How To Organize And Tackle a D-I-Y Project-Backyard Transformation, Part 1

Written By Lisa Lucke

You’ve probably caught the do-it-yourself shows on TV that show a plain old backyard of a young couple’s house at the beginning of the segment, and then the end result an hour later: an oasis of epic proportions. Usually, but not always, there is a professional designer and builder involved, who brainstorm the process in order to please the owner and stay within the budget. If you don’t have a TV show budget, but you do have a desire to walk into your backyard at the end of a long day and say, “Ahhhhh,” this article’s for you.

The Budget

Any project has to start with money. Whether you’re heading to the grocery store or out on vacation, a person or family has to know how much money they have to work with. The rest can be designed around the budget. Don’t get set on a dream backyard you saw on TV and then get stressed out, or worse, go into debt trying to pay for it. Don’t talk it up with your neighbors before a decision is made. Instead, figure out your budget, then pick a design, and then do the very best you can within the budget.

Choose Your Design 

Once you have a number in mind, start researching. If you are a totally blank slate with regard to ideas, or even what kind of backyard you want, do a search on the internet of “creative backyards on a budget.” You’ll see a ton of options, but try to narrow it down to three or four top contenders. Not sure which one of your favorites is the one you want to tackle? Bookmark them and do a little next-level research on the materials and costs. Are the cost of materials still a little out of reach for one of them? Don’t forget to get creative and figure out alternate materials and see if you can’t get really close to the one you liked the most and still stay within your means. Once you’ve got a design goal nailed down that matches your budget, you’re set.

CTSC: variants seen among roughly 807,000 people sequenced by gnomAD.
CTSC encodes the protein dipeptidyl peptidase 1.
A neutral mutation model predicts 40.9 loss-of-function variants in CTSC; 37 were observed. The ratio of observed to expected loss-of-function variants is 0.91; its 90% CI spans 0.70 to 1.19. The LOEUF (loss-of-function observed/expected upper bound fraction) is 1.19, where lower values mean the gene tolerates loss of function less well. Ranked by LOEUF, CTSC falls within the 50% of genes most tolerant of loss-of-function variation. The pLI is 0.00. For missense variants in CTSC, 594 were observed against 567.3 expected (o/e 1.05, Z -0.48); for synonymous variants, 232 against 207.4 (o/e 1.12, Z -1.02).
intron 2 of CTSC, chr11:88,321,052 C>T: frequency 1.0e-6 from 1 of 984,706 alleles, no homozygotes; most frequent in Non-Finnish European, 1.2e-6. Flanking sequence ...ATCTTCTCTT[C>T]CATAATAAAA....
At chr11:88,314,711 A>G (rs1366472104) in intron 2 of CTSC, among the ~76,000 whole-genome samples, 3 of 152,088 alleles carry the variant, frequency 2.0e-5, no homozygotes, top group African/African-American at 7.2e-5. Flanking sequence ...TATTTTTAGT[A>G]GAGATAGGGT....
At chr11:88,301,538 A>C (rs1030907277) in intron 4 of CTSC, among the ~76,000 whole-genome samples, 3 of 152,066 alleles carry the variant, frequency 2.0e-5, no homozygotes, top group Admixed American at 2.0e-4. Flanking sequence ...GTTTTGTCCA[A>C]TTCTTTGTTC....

Make a Timeline

If you’re doing your research in November, depending on what part of the country you live in, you may want to plan for a spring start. Or if it’s the middle of July and you live in Phoenix, push the start date to the late fall. Figure a couple of months start to finish, depending on the design goals. One way of doing this is picking the date you’d like to be finished by. Then, work backward, penciling in the number of hours you can devote each day or week. Be realistic. Keep in mind your job demands. If you are a seasonal firefighter, forget about digging into a new project at the height of fire season. If there’s just no way to get it done, push the finish date out a little further or pull the start date back and try to get going sooner, depending on which of those dates offers the most flexibility. 

Gather and Go

Once you know your design and have your timeline, gather materials or get them ordered. Keep your materials out of the elements and have them ready to grab when it’s time. Be sure your process steps are ordered correctly; you don’t want to pour a cement pad and then realize you forgot to drop a cople of poles first for the volleyball net. Keep an eye on your inventory. If you’re still a long way from finishing the retaining wall and you only have a couple dozen bricks left, re-calculate and get more materials picked up or ordered. 

Creating a new backyard from the ground up does not have to be overly complicated, and almost any budget can be satisfied if you do some research before you get started. Keep the project running smoothly by getting and staying organized.

Next time: Backyard Transformation, Part 2—Creative Ideas for a Lifetime of Memories

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